The Department of Trade and Industry said Marcos Jr.'s campaign promise is plausible but not immediately, as a thorough study is needed in gradually implementing it. Progressive farmers group Kilusang Magbubukid ng Pilipinas, meanwhile, outrightly said it's impossible due to the rice tariffication law.
Signed in 2019, Republic Act 11203 removes quantitative restrictions on rice imports and places a 35% tariff instead. Part of the proceeds from the tariffs was in turn allocated to a fund meant to help affected farmers by capacitating them with the technology and skills that could help them compete.
Fuel excise tax suspension to undergo study
Marcos Jr. said proposals to suspend fuel excise taxes due to rising prices brought about by Russia's invasion of Ukraine must first undergo a "cost-benefit" analysis.
"I think in terms of oil excise tax, I think we still have to look at it very well," Marcos said. "There are other ways to handle oil price increase, we can support the hard-hit areas like transport."
"If there is a commensurate return to somehow deferring the collection of excise tax, what would be the bearing?" he asked, adding that the government needs to balance the interest of the people and the generation of government revenues.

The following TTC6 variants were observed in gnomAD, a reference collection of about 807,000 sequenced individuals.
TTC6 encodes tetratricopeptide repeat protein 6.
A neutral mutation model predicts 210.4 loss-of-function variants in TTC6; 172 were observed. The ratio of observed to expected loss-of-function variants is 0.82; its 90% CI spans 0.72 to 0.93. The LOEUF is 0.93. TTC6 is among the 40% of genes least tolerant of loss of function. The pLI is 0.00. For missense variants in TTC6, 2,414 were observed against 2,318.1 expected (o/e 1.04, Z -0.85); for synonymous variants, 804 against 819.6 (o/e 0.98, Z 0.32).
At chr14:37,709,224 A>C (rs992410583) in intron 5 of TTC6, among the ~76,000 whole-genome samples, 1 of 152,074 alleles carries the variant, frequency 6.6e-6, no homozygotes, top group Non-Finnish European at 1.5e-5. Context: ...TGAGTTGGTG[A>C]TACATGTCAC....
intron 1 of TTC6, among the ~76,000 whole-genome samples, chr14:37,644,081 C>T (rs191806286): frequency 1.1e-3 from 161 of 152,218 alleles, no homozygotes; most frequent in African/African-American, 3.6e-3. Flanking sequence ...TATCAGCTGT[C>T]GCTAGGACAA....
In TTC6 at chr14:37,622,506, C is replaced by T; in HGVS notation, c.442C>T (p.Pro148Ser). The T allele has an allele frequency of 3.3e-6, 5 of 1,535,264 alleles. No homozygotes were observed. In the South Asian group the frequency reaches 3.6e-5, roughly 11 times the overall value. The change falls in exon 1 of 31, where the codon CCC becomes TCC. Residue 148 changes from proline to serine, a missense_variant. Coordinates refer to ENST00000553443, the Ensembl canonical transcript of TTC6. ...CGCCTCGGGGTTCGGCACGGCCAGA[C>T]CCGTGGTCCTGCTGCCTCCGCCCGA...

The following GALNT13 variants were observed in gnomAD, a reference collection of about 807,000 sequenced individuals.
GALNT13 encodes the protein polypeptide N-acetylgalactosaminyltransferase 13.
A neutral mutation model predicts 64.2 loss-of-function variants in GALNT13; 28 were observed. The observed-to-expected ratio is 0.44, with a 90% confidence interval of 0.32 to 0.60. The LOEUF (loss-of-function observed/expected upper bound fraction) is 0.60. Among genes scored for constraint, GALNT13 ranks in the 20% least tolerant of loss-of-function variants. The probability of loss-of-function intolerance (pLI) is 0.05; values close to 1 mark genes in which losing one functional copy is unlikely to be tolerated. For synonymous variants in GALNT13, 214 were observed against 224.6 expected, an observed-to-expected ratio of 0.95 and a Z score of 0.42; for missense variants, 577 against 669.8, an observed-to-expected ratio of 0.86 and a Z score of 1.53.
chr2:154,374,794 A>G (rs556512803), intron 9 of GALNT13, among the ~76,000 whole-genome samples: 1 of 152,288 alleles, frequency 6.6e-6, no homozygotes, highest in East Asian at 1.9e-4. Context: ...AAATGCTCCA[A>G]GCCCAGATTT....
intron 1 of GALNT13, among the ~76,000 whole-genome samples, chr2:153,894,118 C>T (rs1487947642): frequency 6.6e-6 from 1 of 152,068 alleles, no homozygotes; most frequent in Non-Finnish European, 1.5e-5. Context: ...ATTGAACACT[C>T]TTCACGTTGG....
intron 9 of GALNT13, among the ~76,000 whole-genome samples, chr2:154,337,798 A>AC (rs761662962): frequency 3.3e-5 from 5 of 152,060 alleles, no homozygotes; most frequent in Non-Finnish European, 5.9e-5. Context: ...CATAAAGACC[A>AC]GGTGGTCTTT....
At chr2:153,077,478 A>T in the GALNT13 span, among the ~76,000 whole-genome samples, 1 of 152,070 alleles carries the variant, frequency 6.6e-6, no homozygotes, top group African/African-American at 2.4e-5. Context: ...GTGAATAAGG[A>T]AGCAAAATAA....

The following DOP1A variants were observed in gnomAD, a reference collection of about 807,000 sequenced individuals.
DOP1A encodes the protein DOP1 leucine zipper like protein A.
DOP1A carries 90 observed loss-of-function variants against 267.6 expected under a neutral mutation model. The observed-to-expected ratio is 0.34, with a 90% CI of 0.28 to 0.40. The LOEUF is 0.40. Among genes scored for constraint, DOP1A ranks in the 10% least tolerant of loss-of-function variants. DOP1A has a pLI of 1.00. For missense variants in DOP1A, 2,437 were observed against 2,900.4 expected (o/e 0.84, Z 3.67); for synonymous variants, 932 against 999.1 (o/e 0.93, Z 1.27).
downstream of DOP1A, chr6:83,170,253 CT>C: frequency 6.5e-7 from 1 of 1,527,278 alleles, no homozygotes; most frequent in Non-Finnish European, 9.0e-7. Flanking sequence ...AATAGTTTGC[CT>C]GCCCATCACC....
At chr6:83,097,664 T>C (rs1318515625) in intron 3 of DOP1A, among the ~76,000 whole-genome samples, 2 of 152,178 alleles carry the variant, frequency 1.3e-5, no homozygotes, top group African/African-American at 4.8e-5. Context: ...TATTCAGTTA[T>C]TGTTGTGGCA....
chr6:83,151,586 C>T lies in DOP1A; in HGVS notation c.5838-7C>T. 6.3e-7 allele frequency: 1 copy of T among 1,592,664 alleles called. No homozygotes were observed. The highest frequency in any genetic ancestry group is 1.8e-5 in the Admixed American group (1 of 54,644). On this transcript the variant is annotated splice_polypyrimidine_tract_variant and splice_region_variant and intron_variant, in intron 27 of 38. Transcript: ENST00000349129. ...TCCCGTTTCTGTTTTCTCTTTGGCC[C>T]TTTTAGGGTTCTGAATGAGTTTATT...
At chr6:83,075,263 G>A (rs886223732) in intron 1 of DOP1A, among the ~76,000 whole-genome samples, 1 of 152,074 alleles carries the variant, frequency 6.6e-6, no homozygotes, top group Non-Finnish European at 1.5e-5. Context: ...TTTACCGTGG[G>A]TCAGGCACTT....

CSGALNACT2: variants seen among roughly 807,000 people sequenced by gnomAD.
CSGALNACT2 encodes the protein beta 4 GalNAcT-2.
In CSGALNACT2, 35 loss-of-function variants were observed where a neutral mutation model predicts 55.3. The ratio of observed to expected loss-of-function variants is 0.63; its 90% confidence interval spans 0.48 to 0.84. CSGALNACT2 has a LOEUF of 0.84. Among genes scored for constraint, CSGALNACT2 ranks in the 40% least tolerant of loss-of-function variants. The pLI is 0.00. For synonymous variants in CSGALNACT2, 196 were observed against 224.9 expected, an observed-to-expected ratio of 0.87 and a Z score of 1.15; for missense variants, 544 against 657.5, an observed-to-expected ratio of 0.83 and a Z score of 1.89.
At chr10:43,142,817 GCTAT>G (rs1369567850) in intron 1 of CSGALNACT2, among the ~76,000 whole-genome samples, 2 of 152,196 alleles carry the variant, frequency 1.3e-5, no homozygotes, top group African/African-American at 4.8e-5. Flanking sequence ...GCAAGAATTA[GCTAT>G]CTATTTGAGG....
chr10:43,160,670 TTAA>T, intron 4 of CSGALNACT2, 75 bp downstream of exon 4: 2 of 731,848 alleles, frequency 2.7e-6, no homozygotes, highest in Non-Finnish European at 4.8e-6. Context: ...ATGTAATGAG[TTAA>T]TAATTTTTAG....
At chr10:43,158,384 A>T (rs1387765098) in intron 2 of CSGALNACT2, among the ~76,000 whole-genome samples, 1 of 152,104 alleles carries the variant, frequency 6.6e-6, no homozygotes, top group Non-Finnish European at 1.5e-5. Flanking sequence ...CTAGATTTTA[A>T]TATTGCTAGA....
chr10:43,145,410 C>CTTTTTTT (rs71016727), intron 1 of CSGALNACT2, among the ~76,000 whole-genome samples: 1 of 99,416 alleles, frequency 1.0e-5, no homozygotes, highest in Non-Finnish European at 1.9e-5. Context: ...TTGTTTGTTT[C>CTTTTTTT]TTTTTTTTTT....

There have been many calls to suspend excise taxes, but Duterte decided to keep them in accordance with the Tax Reform for Acceleration and Inclusion or TRAIN law. He said suspending it could reduce government revenues by P105.9 billion.
Instead, Duterte approved of cash subsidies for drivers and farmers.
West Philippine Sea stance
Marcos Jr. said his administration will "not allow a single millimeter of our maritime coastal rights to be trampled upon” in the West Philippine Sea.
"In terms of sovereignty, there is no wiggle room there. Our sovereignty is sacred and we will not compromise it in any way," Marcos Jr. said, adding that "there is no room for negotiation" over the country's "sacred and inviolable" rights.
He, however, noted that the Philippines cannot afford to "go to war" with China, noting that it's the "last thing" the country needed at this point.
Instead, Marcos Jr. said his administration will talk to China "consistently with a firm voice" along with members of the Association of Southeast Asian Nations or ASEAN. He also vowed to uphold the Hague ruling awarded to the Philippines in 2016.
"We have a very important ruling in our favor," the president-elect said. "We will use it to continue to assert our territorial rights."